The New Jersey Judiciary has expunged more than 362,000 marijuana cases from court records since marijuana decriminalization became effective July 1st.
Eligible cases are expunged automatically by the Judiciary. Once a case is expunged, it is removed from the court’s public record and does not have to be reported on applications for jobs, housing, or college admissions.
Members of the public, or their attorney, can go to the court where their case was heard or to the Superior Court Clerk’s Office in Trenton to receive confirmation or formal certification stating their case has been expunged. The Judiciary has issued more than 2,800 certifications thus far.
Marijuana cases eligible for expungement include certain marijuana or hashish charges alone or in combination with possession of drug paraphernalia, use or being under the influence of a controlled, dangerous substance, and failure to make lawful disposition of a controlled, dangerous substance.
The goal is to clear the records of those charged or convicted of certain marijuana offenses before the recreational use of cannabis was legalized. People usually must include information about their criminal or delinquency record when seeking a job, housing, or school admission. This information can hurt their chances of being hired, housed, or being accepted into good schools.
According to the New Jersey Judiciary, more than 1,200 individuals have been released from probation after their cases were expunged.
Cases involving charges that are not eligible under the new law will not be expunged. Those who feel their case should have been considered for expungement under the new law can file a motion for judicial review.
An expungement means this case is no longer part of your record. Thus, you do not have to report this case on a job, housing, or college application. The case has been removed from the public record and cannot be used to keep you from school, housing, or jobs.
The Administrative Office of the Courts plans to launch an awareness campaign next week to inform the public of the opportunities available through the expungement of marijuana cases.
Range of Marijuana Cases Expunged
The courts have expunged a range of marijuana cases. If the case included only one offense and possession of drug paraphernalia, use or being under the influence of a controlled dangerous substance, or failure to make lawful disposition of a controlled, dangerous substance, it was expunged.
The courts also expunged marijuana cases that involved attempts to commit and conspiracy to commit any of those offenses. Attempts and conspiracies to commit these offenses also were expunged. However, the legislation does not require that every case involving a marijuana charge be expunged. For example, large-scale trafficking was not expunged.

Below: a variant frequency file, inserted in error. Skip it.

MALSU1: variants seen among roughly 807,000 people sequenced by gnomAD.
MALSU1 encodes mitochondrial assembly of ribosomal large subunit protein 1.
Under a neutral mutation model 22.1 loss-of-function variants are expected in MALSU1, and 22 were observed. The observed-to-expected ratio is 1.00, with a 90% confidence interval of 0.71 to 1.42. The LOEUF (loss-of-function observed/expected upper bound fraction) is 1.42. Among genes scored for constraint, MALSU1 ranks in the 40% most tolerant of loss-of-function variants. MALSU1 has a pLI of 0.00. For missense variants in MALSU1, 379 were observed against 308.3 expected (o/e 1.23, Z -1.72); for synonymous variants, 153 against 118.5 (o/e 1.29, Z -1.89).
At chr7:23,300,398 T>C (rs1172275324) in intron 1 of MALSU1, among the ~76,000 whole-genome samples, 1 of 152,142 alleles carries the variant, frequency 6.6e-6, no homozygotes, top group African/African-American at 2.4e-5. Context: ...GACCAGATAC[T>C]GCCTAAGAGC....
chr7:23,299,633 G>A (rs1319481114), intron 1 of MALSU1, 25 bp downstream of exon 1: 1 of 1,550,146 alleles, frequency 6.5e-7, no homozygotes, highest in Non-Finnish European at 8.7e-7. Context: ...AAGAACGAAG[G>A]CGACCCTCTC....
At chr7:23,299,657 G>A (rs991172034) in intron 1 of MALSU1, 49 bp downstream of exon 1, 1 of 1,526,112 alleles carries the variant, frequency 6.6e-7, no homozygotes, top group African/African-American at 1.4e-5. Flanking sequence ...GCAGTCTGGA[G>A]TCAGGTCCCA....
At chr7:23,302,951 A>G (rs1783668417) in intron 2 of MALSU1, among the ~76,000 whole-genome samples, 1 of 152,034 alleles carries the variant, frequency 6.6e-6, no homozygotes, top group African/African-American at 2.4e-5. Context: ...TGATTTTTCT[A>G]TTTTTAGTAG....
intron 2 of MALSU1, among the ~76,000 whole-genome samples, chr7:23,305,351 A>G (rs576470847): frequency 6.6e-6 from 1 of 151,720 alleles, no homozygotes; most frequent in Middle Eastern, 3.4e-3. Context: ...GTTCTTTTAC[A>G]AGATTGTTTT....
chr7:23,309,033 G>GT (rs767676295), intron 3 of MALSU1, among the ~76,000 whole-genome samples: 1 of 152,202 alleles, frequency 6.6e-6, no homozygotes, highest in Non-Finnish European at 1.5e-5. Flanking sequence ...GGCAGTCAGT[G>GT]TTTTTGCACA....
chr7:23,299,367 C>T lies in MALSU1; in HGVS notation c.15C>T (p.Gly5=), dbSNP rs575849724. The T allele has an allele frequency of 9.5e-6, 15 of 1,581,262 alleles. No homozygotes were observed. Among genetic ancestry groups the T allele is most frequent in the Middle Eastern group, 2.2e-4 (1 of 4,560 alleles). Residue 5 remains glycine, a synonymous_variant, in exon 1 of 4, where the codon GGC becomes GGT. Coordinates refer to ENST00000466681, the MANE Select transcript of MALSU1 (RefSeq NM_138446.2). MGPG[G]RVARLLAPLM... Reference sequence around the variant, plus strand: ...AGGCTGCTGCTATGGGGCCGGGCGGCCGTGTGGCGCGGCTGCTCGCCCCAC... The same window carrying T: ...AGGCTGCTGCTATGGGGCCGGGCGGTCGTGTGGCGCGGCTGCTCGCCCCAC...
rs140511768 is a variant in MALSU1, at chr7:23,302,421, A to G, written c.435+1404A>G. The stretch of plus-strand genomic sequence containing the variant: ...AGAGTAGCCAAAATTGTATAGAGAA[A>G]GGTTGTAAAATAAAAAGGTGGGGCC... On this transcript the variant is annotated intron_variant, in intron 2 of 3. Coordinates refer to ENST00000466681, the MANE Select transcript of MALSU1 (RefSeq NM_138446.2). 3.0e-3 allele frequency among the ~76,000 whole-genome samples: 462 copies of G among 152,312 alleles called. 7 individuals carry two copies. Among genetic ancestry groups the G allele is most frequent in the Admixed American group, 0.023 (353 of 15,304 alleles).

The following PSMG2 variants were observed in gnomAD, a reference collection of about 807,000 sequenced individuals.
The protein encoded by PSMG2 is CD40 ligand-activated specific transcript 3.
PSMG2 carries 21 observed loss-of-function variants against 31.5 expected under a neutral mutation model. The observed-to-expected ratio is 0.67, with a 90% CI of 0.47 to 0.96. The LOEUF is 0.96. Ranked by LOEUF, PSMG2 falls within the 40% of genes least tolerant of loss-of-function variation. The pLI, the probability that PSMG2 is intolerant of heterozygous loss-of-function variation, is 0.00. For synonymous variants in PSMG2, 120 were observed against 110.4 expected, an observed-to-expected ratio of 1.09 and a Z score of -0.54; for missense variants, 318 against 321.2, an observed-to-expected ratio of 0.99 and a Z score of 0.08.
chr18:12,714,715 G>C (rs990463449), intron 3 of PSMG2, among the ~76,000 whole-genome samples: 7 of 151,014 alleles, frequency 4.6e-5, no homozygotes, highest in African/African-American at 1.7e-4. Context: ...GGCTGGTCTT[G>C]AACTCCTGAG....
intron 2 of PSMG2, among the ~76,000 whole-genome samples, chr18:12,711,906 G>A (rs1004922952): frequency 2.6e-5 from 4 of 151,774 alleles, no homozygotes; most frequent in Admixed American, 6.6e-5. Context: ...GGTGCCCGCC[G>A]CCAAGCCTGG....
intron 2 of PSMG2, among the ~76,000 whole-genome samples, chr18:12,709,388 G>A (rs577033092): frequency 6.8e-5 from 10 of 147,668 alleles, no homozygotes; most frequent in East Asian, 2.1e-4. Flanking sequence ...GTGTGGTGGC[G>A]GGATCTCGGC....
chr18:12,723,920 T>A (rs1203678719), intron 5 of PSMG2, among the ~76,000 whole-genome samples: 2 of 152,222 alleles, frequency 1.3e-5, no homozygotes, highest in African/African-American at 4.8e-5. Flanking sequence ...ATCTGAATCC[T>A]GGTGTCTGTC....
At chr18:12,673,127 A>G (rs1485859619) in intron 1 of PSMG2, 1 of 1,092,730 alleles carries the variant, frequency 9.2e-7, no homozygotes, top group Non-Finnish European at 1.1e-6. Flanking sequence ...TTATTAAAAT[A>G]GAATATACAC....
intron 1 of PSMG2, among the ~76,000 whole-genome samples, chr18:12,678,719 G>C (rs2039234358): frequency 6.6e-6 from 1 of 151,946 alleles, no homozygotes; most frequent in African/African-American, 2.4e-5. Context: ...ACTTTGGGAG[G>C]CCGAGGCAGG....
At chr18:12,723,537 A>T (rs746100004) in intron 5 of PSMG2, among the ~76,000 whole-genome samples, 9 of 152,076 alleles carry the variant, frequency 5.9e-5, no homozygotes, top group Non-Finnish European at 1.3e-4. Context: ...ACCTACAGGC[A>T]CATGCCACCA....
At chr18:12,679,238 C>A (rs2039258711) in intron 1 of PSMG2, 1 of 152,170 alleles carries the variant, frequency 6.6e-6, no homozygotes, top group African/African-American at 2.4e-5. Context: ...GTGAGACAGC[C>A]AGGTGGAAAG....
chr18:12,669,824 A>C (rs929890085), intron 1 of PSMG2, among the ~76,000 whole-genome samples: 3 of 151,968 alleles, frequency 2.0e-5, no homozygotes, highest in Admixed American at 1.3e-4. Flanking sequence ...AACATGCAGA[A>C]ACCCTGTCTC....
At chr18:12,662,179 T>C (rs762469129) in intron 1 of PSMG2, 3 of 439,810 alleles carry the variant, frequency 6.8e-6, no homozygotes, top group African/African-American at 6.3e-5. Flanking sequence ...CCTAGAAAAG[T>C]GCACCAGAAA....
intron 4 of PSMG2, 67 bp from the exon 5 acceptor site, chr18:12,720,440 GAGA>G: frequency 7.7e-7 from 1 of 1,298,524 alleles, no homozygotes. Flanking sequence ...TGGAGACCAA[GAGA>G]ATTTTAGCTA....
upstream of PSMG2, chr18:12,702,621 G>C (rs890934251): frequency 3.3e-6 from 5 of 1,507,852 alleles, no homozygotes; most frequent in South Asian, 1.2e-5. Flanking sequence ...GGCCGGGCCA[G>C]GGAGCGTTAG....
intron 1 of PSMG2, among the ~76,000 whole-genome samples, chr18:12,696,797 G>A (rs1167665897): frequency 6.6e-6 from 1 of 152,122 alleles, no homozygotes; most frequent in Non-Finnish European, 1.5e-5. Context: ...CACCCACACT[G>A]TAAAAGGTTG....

To confirm a marijuana case was expunged, individuals can go to the court where the case was heard to confirm that the record was cleared and receive a certification. In addition, you can get confirmation and certification by going to the Superior Court Clerk’s Office in Trenton.
If a marijuana case should have been considered for expungement under the new law, but it was not, individuals can file a motion for judicial review.
If a case was heard in Superior Court, start at the Superior Court courthouse in the county where it took place. If you were an adult, go to the criminal division. If you were charged as a juvenile, go to the family division. If a case was heard in municipal court, start at the municipal court in the town where you were arrested or charged.
Active arrest warrants related to that case are being canceled. Violations of probation or violations of pretrial monitoring will be canceled. Court-ordered drivers’ license suspensions or revocations for failure to appear in court will be canceled. However, you must contact the Motor Vehicle Commission to have the license restored. Anyone incarcerated or in detention because of the offenses listed above was released. Probation, parole, or other community supervision were also ended. Unpaid court-ordered payments, including civil judgments for non-payment, were canceled. Active arrest warrant related to a failure to appear in that case was canceled. Violations of probation and violations of pretrial monitoring were canceled.
The remaining sentence, juvenile disposition, ongoing supervision, associated violation of probation, or unpaid court-ordered costs, including civil judgments for non-payment, will be canceled. Active arrest warrant related to a failure to appear in that case will be canceled.
The courts have expunged the marijuana cases of anyone convicted or adjudicated delinquent if an individual was accused of distribution of marijuana less than one ounce of hashish less than five grams, possession of more than 50 grams of marijuana, or more than five grams of hashish, possession of 50 grams or less of marijuana, or five grams or less of hashish.